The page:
St. Cloud's mayor is taking his weekly town hall meetings on the road, launching a "mobile town hall" bus that he will drive around the city starting this month.
Dave Kleis promised when he ran for city office in 2005 that he would hold weekly town hall meetings, and he's kept his word, hosting nearly 650 meetings in parks, at coffee shops — even while riding a bike at a gym.
Now, thanks to a donated 10-year-old bus from St. Cloud's Metro Bus, he's taking the meetings to neighborhoods and other places that don't have public spaces.
"The purpose is to go places where there wouldn't normally be the opportunity to hold a meeting," he said. "I'm trying to bring the meetings to people."
The 14-passenger bus, which has 195,000 miles on it, was headed to the scrapyard. Instead, it's now wrapped in the city's blue and white colors with a photo of Kleis and its name — the "mayor's mobile town hall." The bus, graphics, insurance and gas to fuel it are all funded by donations — including some of Kleis' money; no taxpayer dollars will be used, he said.
"It's got a few years left in it," Kleis said of the mobility bus. "It's like a mobile conference room."
The town hall meetings draw anywhere from one to 500 people asking questions or voicing concerns — a way, Kleis said, to reach residents who are intimidated about speaking in public at City Hall.
Across Minnesota, mayors often reach out to residents by holding meetings over coffee, writing newspaper columns or speaking on radio shows, said Perham Mayor Tim Meehl, president of the Minnesota Mayors Association. But, Meehl said, he hasn't heard of anyone going to the lengths Kleis has with the bus and hundreds of town hall meetings.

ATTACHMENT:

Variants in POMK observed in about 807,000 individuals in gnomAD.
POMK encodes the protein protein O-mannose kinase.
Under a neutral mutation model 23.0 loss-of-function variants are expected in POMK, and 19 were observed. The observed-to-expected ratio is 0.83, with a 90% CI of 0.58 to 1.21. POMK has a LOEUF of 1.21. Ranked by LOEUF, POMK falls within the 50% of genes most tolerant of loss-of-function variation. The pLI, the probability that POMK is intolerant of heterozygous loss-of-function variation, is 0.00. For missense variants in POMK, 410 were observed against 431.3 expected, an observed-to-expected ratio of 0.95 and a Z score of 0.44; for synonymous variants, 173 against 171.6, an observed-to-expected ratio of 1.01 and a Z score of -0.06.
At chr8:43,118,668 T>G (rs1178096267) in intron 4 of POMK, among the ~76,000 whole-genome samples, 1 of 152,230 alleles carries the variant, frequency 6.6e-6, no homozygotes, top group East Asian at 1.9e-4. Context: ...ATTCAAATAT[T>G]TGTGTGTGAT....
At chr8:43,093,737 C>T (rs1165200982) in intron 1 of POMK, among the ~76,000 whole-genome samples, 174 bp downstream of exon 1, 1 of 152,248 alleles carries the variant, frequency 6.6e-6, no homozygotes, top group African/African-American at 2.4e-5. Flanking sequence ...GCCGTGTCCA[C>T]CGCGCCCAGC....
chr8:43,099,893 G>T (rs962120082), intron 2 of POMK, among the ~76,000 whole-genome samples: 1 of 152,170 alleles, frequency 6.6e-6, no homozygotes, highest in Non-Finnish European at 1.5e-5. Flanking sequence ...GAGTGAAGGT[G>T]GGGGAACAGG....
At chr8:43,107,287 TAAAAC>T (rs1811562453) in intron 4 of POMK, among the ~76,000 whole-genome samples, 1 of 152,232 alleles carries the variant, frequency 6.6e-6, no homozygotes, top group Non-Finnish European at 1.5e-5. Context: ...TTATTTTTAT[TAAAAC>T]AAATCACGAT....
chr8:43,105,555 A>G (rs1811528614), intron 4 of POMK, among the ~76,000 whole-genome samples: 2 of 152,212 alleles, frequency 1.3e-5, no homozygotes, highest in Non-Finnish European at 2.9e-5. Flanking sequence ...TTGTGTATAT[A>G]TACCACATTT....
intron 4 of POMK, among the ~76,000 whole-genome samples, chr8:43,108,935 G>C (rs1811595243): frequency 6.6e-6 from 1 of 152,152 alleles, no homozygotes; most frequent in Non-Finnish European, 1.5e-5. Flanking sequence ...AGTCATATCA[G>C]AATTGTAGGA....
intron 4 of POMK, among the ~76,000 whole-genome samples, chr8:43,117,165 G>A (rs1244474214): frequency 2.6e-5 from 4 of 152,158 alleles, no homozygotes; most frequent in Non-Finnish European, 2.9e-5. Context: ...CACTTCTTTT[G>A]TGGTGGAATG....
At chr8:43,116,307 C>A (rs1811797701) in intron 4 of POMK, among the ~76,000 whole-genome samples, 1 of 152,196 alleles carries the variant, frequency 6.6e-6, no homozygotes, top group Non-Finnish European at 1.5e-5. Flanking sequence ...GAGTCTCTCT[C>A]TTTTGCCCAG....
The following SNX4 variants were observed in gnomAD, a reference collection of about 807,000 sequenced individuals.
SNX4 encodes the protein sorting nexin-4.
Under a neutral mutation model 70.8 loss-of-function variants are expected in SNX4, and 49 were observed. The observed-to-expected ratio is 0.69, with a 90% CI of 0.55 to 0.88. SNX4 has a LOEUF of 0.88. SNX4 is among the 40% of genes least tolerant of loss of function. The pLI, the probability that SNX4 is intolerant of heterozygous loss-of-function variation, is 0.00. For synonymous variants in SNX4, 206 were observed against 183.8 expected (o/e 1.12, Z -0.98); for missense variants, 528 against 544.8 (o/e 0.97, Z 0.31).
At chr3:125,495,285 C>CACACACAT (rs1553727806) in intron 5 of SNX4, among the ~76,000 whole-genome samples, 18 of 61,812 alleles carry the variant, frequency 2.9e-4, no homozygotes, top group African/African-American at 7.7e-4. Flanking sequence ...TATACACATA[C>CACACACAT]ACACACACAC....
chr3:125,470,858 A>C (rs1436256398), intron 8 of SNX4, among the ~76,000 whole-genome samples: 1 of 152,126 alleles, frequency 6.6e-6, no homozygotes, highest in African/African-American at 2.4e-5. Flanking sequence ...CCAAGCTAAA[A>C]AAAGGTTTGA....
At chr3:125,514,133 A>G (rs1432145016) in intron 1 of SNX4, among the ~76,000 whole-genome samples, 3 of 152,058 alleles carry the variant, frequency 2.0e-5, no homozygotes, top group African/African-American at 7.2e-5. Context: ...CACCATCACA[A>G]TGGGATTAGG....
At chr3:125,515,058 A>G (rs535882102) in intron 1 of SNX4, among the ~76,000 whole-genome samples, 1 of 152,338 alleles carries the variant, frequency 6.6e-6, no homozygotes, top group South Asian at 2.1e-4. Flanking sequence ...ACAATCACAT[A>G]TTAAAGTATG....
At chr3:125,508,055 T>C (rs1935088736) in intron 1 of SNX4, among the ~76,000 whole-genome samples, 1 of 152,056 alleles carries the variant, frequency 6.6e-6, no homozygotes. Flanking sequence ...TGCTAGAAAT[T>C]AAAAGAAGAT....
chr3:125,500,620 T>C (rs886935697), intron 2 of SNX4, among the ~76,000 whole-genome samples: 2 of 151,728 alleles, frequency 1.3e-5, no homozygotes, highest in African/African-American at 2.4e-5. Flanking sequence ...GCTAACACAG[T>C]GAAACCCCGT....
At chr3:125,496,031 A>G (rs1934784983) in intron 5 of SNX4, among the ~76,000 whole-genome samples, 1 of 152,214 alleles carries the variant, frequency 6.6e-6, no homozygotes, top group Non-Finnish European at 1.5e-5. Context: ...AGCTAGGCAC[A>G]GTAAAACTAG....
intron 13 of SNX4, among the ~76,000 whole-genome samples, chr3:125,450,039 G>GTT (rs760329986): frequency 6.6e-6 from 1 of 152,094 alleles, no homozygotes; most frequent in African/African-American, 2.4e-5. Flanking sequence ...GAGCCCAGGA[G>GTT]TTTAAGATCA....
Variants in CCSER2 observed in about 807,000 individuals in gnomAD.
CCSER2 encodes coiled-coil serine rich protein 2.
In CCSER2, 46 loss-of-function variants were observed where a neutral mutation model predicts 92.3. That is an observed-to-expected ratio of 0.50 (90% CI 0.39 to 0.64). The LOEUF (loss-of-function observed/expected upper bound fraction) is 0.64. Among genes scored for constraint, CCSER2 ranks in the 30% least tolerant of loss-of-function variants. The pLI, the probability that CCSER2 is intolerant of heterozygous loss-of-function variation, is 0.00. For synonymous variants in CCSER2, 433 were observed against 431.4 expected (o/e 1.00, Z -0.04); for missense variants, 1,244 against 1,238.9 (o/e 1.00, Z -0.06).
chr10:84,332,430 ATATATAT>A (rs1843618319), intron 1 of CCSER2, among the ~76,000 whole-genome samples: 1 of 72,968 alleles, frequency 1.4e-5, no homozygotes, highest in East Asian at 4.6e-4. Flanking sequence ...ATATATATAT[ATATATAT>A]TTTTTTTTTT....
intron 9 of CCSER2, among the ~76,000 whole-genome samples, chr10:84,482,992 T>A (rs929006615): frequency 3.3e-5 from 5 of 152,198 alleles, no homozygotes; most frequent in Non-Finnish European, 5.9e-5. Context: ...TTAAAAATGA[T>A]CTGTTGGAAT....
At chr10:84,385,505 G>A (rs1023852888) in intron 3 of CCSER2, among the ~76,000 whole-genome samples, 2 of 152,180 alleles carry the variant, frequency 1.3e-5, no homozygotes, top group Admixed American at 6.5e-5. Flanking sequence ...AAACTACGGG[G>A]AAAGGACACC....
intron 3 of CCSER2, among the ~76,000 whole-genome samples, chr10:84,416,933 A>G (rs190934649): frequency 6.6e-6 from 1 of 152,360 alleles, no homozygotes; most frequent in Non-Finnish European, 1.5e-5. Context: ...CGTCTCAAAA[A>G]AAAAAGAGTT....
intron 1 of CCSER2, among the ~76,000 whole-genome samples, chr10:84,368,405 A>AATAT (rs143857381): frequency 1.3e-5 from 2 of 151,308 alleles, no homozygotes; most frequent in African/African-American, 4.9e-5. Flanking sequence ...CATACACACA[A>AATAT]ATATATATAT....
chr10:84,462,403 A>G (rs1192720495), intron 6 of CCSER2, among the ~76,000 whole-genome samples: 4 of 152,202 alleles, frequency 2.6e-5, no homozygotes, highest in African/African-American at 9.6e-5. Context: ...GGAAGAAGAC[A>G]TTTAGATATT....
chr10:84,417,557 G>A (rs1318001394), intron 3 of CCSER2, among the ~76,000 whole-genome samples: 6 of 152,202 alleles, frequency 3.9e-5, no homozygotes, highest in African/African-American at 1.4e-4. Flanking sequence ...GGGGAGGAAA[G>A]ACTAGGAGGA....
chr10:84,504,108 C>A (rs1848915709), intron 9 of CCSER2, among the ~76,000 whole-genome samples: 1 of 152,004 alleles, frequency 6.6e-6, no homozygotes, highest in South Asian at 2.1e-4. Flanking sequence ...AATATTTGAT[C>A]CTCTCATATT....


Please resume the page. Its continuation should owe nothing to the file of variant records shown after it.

"It's a good thing," Meehl said. "Some mayors probably sit back and try to not to be seen."
Not Kleis. He also makes weekly videos that include his home phone number, hosts twice-weekly radio town hall discussions and invites strangers to dinner at his house once a month to get neighbors talking to one another. The former state legislator has been re-elected three times since 2005, running unopposed for the job, a full-time, CEO-like position in the city.
"It's so critical today when less and less people are engaged and involved that we find a way to engage and involve," he said of the bus. "To me, this is the best way to get input from people. I'm going out to listen."